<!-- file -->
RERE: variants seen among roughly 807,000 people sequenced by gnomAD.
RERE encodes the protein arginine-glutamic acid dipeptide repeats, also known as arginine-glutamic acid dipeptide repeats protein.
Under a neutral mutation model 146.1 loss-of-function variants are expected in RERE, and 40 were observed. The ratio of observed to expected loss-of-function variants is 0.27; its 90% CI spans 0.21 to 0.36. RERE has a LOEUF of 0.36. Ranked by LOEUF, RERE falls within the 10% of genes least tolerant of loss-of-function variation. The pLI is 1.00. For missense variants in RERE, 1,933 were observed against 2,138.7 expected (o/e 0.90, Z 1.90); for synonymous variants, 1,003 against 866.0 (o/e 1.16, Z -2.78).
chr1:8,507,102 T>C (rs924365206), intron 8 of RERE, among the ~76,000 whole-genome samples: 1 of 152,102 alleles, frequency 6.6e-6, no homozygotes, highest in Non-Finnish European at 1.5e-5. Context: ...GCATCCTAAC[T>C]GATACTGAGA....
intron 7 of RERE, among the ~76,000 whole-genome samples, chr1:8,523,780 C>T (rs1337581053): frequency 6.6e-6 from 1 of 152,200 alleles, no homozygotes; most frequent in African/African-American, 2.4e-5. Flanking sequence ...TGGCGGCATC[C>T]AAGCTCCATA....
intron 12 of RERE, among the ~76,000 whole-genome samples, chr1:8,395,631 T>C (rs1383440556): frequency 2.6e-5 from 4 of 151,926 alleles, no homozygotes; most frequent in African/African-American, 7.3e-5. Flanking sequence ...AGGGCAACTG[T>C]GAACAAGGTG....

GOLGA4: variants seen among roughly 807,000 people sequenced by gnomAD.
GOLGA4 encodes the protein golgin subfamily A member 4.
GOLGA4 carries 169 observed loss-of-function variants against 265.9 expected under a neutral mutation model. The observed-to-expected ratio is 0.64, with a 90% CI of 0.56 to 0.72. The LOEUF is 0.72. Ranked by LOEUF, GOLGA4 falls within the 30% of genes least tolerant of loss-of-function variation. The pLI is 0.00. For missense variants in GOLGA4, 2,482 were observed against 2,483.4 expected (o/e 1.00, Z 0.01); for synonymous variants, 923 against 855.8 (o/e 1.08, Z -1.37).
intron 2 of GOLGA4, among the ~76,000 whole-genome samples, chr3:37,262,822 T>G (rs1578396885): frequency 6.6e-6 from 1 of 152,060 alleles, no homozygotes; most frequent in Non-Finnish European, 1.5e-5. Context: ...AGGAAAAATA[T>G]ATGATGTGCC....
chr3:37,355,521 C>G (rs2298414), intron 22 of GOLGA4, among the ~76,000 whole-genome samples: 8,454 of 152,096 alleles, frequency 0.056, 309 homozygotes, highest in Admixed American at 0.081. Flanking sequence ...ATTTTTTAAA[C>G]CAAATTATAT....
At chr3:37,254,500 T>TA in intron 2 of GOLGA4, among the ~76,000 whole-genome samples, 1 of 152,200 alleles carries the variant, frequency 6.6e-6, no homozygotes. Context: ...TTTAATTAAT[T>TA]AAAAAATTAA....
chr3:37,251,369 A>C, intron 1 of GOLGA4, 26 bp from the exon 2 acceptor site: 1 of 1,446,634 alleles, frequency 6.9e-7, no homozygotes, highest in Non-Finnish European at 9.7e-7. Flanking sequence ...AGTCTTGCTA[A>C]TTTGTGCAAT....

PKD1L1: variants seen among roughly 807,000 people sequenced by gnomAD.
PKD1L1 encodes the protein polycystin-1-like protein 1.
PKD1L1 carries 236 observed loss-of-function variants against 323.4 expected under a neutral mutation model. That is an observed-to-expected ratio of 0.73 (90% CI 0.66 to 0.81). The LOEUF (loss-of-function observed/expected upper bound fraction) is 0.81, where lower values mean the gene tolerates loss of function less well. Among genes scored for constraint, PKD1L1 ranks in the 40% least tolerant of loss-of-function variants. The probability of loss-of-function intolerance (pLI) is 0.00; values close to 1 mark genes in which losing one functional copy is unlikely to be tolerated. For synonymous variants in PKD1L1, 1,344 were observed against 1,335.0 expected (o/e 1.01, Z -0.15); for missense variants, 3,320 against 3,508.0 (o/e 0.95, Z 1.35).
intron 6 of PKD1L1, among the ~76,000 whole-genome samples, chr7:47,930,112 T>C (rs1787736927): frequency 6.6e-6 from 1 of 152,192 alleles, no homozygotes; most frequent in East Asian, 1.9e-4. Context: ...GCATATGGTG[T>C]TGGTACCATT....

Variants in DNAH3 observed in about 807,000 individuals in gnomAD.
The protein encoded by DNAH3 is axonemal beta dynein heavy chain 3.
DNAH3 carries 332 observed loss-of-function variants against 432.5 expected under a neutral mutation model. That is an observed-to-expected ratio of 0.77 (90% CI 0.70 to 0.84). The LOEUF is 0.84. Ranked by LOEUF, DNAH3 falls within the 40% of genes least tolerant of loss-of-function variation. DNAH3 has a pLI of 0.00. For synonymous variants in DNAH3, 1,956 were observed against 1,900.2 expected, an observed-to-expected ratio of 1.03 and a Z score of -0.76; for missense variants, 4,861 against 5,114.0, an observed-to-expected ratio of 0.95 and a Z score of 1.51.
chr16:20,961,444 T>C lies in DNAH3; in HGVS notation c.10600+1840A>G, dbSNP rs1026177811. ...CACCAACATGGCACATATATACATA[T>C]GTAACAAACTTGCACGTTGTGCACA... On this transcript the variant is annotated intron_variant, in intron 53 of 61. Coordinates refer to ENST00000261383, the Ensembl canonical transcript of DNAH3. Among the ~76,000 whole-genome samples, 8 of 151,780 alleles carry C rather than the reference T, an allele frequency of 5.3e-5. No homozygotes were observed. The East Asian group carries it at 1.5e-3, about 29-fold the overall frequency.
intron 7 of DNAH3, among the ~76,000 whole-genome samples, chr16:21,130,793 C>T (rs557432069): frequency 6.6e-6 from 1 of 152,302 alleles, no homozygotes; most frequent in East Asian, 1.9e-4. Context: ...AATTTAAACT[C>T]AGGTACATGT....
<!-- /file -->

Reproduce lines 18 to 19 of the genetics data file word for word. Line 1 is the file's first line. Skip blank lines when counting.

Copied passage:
Variants in DNAH3 observed in about 807,000 individuals in gnomAD.
The protein encoded by DNAH3 is axonemal beta dynein heavy chain 3.